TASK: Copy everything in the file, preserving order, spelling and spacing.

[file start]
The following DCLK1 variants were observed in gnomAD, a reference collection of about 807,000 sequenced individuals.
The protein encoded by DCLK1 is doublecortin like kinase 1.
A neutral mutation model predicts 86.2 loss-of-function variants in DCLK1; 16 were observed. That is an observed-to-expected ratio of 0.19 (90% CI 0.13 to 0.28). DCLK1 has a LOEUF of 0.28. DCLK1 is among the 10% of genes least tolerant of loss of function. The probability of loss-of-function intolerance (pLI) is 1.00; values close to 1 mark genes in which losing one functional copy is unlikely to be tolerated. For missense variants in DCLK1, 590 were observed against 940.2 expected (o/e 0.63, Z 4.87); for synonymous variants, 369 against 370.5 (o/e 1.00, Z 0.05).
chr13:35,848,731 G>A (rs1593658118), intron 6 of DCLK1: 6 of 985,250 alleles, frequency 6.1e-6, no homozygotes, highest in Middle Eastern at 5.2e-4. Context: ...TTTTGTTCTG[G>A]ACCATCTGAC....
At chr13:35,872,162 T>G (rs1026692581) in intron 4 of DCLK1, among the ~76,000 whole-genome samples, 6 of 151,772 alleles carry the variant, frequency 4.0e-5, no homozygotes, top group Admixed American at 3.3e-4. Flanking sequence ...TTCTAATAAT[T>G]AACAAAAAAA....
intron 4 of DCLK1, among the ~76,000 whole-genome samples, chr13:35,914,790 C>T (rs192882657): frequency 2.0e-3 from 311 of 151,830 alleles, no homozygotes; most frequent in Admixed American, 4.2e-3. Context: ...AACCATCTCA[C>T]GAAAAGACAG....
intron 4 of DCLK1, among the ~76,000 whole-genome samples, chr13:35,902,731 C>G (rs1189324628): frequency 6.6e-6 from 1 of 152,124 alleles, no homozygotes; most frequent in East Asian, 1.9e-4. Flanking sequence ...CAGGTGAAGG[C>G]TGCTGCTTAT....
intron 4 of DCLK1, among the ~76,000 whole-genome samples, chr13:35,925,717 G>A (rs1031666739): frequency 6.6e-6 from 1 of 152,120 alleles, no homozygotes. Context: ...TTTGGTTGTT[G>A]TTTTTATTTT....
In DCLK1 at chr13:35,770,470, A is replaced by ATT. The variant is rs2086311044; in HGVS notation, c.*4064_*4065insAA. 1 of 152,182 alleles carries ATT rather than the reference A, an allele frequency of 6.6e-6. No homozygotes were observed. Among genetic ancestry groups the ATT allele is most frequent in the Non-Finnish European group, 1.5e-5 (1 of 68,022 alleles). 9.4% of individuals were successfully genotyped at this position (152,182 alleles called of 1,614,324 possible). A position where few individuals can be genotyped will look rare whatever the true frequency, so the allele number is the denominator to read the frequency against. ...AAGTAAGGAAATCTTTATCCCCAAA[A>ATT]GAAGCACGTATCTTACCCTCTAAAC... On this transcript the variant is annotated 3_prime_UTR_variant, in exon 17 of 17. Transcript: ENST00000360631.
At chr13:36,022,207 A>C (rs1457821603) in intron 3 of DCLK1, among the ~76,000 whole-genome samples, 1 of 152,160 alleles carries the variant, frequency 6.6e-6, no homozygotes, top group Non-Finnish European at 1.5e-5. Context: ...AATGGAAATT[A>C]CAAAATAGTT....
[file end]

The following DCLK1 variants were observed in gnomAD, a reference collection of about 807,000 sequenced individuals.
The protein encoded by DCLK1 is doublecortin like kinase 1.
A neutral mutation model predicts 86.2 loss-of-function variants in DCLK1; 16 were observed. That is an observed-to-expected ratio of 0.19 (90% CI 0.13 to 0.28). DCLK1 has a LOEUF of 0.28. DCLK1 is among the 10% of genes least tolerant of loss of function. The probability of loss-of-function intolerance (pLI) is 1.00; values close to 1 mark genes in which losing one functional copy is unlikely to be tolerated. For missense variants in DCLK1, 590 were observed against 940.2 expected (o/e 0.63, Z 4.87); for synonymous variants, 369 against 370.5 (o/e 1.00, Z 0.05).
chr13:35,848,731 G>A (rs1593658118), intron 6 of DCLK1: 6 of 985,250 alleles, frequency 6.1e-6, no homozygotes, highest in Middle Eastern at 5.2e-4. Context: ...TTTTGTTCTG[G>A]ACCATCTGAC....
At chr13:35,872,162 T>G (rs1026692581) in intron 4 of DCLK1, among the ~76,000 whole-genome samples, 6 of 151,772 alleles carry the variant, frequency 4.0e-5, no homozygotes, top group Admixed American at 3.3e-4. Flanking sequence ...TTCTAATAAT[T>G]AACAAAAAAA....
intron 4 of DCLK1, among the ~76,000 whole-genome samples, chr13:35,914,790 C>T (rs192882657): frequency 2.0e-3 from 311 of 151,830 alleles, no homozygotes; most frequent in Admixed American, 4.2e-3. Context: ...AACCATCTCA[C>T]GAAAAGACAG....
intron 4 of DCLK1, among the ~76,000 whole-genome samples, chr13:35,902,731 C>G (rs1189324628): frequency 6.6e-6 from 1 of 152,124 alleles, no homozygotes; most frequent in East Asian, 1.9e-4. Flanking sequence ...CAGGTGAAGG[C>G]TGCTGCTTAT....
intron 4 of DCLK1, among the ~76,000 whole-genome samples, chr13:35,925,717 G>A (rs1031666739): frequency 6.6e-6 from 1 of 152,120 alleles, no homozygotes. Context: ...TTTGGTTGTT[G>A]TTTTTATTTT....
In DCLK1 at chr13:35,770,470, A is replaced by ATT. The variant is rs2086311044; in HGVS notation, c.*4064_*4065insAA. 1 of 152,182 alleles carries ATT rather than the reference A, an allele frequency of 6.6e-6. No homozygotes were observed. Among genetic ancestry groups the ATT allele is most frequent in the Non-Finnish European group, 1.5e-5 (1 of 68,022 alleles). 9.4% of individuals were successfully genotyped at this position (152,182 alleles called of 1,614,324 possible). A position where few individuals can be genotyped will look rare whatever the true frequency, so the allele number is the denominator to read the frequency against. ...AAGTAAGGAAATCTTTATCCCCAAA[A>ATT]GAAGCACGTATCTTACCCTCTAAAC... On this transcript the variant is annotated 3_prime_UTR_variant, in exon 17 of 17. Transcript: ENST00000360631.
At chr13:36,022,207 A>C (rs1457821603) in intron 3 of DCLK1, among the ~76,000 whole-genome samples, 1 of 152,160 alleles carries the variant, frequency 6.6e-6, no homozygotes, top group Non-Finnish European at 1.5e-5. Context: ...AATGGAAATT[A>C]CAAAATAGTT....